Fruit firmness is among the most important characteristics for the quality of sweet cherries. However, little has been published on its underlying frequency distribution. This research was undertaken to examine the firmness distributions (n = 48) from six cultivars [Sandra Rose, Summit, Lapins, Skeena, Sumtare (Sweetheart™), and 13S2009 (Staccato™)], two field treatments [with or without gibberellic acid (GA)], two storage times (0 and 7 days), and two growing seasons (2013 and 2014). Fruit was sampled (n = 300) at optimal maturity and firmness was evaluated using the FirmTech2 Fruit Firmness Tester. Firmness distributions were examined using descriptive statistics: mean, median, standard deviation (sd), minimum, maximum, range, skewness, and excess kurtosis. Nonnormality was assessed using skewness and kurtosis test statistics. Exponential models were fitted to the ascending and descending portions of the distributions and the proportion of “too soft” (percentage < 2.56 N·mm−1) and “too hard” (percentage > 4.71 N·mm−1) fruit was determined. A relatively high proportion of distributions were nonnormal (16/24 to 18/24), either skewed, peaked, or both. While most skewed distributions were skewed negatively, with a higher proportion of softer fruit, the distributions for ‘Sandra Rose’ were skewed positively, with a higher proportion of firmer fruit. Principal component analysis (PCA) showed seasonal, cultivar, treatment, and storage effects among three subsets of cultivars with differing characteristic firmness. The softer early-harvest cultivars (Sandra Rose and Summit) had a higher proportion of “too soft” fruit. GA and storage treatments increased mean firmness and reduced the proportion of “too soft” fruit. The firmer late-harvest cultivars (Skeena, Sumtare, and 13S2009) had a small proportion of “too hard” fruit (0% to 19.3%). The work gained insight into the nature of the firmness distributions for sweet cherries and the type of statistics that are most appropriate for analyzing the data.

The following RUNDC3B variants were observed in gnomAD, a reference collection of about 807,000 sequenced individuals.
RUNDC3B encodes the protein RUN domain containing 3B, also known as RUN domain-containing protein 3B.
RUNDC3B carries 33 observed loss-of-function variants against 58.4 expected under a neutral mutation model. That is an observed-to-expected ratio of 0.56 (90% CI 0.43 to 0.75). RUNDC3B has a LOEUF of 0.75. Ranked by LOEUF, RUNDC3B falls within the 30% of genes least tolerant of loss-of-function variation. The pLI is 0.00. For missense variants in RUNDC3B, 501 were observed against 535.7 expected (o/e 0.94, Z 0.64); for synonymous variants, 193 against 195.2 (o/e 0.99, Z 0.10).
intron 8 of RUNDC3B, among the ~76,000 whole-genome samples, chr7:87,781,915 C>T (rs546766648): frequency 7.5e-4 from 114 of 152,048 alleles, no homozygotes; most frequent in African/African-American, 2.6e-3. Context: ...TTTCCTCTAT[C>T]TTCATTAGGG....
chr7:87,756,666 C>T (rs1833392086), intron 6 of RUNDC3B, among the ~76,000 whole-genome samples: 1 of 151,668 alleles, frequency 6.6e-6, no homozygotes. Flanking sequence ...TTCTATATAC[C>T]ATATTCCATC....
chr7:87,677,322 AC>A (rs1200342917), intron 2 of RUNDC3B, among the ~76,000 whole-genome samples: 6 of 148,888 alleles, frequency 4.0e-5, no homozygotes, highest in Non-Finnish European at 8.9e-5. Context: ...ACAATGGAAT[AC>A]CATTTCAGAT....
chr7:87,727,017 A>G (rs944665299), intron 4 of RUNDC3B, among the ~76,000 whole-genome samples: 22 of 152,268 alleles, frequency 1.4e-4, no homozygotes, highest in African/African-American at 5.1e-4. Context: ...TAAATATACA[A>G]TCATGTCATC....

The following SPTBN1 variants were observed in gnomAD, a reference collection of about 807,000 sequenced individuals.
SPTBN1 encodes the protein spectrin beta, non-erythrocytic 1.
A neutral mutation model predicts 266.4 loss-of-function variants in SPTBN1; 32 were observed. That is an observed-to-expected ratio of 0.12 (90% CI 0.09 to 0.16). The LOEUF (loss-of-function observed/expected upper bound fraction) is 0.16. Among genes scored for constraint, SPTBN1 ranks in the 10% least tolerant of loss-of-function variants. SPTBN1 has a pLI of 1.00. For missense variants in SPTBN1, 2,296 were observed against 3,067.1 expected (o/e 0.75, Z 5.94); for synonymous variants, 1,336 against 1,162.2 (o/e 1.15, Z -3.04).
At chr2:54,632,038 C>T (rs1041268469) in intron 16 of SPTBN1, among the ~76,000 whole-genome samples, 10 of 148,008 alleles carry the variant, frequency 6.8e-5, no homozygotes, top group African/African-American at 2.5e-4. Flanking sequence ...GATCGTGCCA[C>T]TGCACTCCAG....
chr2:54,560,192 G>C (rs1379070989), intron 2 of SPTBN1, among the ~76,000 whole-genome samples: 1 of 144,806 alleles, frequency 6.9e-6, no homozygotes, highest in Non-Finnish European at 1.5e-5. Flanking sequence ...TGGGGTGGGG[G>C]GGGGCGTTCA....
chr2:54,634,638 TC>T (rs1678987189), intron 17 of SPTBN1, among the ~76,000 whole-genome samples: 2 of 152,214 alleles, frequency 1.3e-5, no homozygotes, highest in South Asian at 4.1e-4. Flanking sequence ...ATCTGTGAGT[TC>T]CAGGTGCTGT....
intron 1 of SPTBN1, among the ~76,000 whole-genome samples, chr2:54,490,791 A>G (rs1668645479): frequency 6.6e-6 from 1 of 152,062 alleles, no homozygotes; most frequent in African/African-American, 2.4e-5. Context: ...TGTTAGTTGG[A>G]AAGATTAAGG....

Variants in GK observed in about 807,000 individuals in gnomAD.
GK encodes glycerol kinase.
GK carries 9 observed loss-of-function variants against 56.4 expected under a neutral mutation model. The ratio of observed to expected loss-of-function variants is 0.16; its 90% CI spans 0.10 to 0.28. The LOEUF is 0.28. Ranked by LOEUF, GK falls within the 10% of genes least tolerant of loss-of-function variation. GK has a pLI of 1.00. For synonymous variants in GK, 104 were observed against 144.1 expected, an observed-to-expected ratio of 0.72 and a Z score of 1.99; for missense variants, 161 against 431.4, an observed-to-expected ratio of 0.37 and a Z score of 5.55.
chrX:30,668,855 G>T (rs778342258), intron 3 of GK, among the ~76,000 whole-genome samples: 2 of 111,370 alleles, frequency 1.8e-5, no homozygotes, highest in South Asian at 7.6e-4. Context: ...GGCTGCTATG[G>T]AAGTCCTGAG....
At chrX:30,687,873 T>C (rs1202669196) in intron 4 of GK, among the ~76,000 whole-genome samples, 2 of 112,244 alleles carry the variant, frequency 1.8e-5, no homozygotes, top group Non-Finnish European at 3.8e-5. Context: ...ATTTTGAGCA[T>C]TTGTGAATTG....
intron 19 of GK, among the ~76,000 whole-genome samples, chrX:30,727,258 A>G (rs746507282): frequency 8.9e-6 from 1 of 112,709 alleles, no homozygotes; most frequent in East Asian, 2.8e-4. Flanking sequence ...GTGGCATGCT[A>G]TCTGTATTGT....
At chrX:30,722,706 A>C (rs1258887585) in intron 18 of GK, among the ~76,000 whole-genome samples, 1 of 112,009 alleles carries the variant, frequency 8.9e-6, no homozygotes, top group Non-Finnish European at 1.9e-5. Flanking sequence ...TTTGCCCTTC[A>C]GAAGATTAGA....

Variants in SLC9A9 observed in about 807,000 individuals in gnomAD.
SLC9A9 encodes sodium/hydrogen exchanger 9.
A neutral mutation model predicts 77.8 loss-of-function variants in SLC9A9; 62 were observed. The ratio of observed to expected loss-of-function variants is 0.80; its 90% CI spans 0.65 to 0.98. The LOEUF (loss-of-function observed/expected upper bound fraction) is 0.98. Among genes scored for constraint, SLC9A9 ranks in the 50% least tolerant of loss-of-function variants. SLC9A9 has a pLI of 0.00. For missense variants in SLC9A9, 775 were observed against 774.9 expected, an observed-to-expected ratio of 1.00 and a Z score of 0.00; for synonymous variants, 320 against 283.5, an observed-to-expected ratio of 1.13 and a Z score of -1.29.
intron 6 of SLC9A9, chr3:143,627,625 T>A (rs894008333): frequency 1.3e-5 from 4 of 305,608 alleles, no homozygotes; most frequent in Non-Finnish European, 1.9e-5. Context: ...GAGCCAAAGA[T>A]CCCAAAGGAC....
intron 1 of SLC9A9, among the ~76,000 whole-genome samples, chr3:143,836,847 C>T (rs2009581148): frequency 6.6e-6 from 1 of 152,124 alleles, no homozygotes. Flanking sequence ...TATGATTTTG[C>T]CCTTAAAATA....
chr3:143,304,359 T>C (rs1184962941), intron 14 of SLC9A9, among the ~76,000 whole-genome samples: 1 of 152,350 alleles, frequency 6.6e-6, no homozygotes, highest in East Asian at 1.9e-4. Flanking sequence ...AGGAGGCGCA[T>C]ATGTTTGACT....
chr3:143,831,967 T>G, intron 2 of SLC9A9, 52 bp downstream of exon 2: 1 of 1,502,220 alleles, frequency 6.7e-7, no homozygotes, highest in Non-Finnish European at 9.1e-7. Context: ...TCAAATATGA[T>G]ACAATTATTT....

Kareen Stanich, Margaret Cliff, and Cheryl Hampson
Margaret A. Cliff, Kareen Stanich, and Peter M.A. Toivonen
The splitting of sweet cherry (Prunus avium L.) just before harvest can be a considerable problem in the Okanagan Valley (BC, Canada). In an attempt to minimize economic losses, growers apply a commercial cherry cuticle supplement in anticipation of a rainfall event. However, it is unknown if this product affects flavor, texture (crispness, firmness, and juiciness), or visual characteristics (stem browning, pitting, and pebbling) of sweet cherry. Therefore, this research was undertaken to evaluate the effects of a cherry cuticle supplement on the sensory, physicochemical, and visual characteristics of ‘Skeena’ sweet cherry. Firmness measurements were assessed with a fruit-firmness tester, whereas sensory determinations were assessed at first bite (whole-cherry crispness) and after multiple chews (flesh firmness) by a panel of 14 trained panelists. Fruit treated with the cherry cuticle supplement had lower instrumental firmness compared with the control, which was most pronounced after 28 days, with a reduction of 0.53 N. Treated fruit also had significantly lower sensory firmness and higher juiciness than the control fruit. Fruit treated with the cherry cuticle supplement had reduced water loss, less pitting, and lower stem-pull force, resulting in higher frequency of detachment of the stems. Further research would be necessary to evaluate the effects with other cultivars, and in years with rainfall events, as well as when hydrocooling is used.
Margaret Cliff, Katherine Sanford, Wendy Wismer, and Cheryl Hampson